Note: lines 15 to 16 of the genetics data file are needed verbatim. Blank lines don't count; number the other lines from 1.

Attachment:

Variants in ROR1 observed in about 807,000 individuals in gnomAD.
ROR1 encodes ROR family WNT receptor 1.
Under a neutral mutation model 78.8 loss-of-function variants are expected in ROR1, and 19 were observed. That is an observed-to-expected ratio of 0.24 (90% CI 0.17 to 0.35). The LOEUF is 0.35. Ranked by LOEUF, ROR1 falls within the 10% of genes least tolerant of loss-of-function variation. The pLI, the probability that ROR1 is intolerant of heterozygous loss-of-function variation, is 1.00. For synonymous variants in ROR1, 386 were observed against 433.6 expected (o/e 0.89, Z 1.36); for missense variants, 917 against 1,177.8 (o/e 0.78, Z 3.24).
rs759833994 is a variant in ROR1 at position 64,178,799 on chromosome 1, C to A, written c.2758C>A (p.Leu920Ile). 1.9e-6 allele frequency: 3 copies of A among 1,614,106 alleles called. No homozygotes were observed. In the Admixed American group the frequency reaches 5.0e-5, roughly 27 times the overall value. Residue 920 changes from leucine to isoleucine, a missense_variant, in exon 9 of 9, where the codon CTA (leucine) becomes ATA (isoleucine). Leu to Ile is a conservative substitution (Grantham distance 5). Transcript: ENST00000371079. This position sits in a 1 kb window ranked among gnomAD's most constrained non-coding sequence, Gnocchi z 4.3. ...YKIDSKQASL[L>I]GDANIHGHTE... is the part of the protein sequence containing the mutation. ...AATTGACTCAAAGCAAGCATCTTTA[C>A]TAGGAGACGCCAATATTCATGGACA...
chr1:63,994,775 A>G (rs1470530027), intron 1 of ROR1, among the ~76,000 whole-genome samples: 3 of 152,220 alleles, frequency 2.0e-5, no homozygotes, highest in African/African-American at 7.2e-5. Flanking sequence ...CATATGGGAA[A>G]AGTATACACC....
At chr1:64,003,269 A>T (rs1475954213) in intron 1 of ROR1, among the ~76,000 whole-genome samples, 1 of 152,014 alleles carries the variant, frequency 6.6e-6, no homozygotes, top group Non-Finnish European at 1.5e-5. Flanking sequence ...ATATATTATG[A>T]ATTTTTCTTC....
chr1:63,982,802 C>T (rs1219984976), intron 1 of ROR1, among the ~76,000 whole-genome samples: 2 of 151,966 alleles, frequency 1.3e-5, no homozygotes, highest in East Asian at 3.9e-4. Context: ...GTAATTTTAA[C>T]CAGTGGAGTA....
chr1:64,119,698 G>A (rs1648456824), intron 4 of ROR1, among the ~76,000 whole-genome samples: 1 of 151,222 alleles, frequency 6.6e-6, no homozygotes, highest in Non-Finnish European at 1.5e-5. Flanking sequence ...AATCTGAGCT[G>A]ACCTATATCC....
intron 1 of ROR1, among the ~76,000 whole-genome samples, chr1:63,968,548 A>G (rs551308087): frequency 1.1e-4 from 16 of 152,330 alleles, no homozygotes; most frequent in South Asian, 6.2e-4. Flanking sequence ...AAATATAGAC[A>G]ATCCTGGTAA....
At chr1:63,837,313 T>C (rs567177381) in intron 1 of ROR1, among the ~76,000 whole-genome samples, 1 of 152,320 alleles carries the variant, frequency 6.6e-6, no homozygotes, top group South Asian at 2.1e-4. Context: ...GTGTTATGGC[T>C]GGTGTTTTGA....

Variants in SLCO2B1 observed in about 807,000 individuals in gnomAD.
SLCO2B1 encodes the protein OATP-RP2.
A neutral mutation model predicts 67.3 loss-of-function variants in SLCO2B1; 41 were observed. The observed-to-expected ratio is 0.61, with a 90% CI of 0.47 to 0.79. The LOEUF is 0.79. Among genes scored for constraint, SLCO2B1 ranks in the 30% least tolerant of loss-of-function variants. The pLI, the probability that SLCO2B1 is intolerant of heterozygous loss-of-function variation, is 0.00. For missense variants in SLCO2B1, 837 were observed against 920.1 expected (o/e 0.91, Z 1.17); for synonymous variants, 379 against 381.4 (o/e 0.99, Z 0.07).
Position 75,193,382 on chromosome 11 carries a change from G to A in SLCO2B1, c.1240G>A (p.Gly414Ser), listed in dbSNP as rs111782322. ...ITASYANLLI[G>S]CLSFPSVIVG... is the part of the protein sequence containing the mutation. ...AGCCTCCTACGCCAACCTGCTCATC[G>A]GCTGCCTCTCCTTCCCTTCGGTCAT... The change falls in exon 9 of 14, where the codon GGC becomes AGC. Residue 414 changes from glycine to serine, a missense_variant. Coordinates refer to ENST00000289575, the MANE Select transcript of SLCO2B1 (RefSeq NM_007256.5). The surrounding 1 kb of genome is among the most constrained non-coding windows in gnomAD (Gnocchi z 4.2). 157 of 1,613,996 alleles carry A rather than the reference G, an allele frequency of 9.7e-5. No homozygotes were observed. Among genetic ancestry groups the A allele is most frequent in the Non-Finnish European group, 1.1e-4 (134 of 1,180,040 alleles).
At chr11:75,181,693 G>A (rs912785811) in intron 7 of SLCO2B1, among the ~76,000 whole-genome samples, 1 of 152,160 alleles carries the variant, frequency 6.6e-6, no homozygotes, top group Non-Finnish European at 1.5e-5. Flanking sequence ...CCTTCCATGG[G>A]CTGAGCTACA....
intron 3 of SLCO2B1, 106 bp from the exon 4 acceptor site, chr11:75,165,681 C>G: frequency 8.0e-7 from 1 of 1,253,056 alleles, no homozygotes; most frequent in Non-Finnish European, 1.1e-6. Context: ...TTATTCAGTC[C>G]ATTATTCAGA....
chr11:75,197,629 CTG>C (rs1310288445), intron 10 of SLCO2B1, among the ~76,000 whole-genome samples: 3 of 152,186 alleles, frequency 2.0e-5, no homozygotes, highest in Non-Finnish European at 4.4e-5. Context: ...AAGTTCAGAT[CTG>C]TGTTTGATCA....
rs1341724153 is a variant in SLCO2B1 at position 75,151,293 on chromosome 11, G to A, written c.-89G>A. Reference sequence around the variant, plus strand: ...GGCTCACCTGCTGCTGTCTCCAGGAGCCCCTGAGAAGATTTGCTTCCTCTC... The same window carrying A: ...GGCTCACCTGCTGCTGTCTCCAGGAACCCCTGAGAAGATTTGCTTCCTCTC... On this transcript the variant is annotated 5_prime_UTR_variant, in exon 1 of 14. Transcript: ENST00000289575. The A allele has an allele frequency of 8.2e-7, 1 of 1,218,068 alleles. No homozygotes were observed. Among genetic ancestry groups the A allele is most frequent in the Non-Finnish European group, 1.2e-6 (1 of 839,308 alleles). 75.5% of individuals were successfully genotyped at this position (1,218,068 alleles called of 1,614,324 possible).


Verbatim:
At chr11:75,181,693 G>A (rs912785811) in intron 7 of SLCO2B1, among the ~76,000 whole-genome samples, 1 of 152,160 alleles carries the variant, frequency 6.6e-6, no homozygotes, top group Non-Finnish European at 1.5e-5. Flanking sequence ...CCTTCCATGG[G>A]CTGAGCTACA....
intron 3 of SLCO2B1, 106 bp from the exon 4 acceptor site, chr11:75,165,681 C>G: frequency 8.0e-7 from 1 of 1,253,056 alleles, no homozygotes; most frequent in Non-Finnish European, 1.1e-6. Context: ...TTATTCAGTC[C>G]ATTATTCAGA....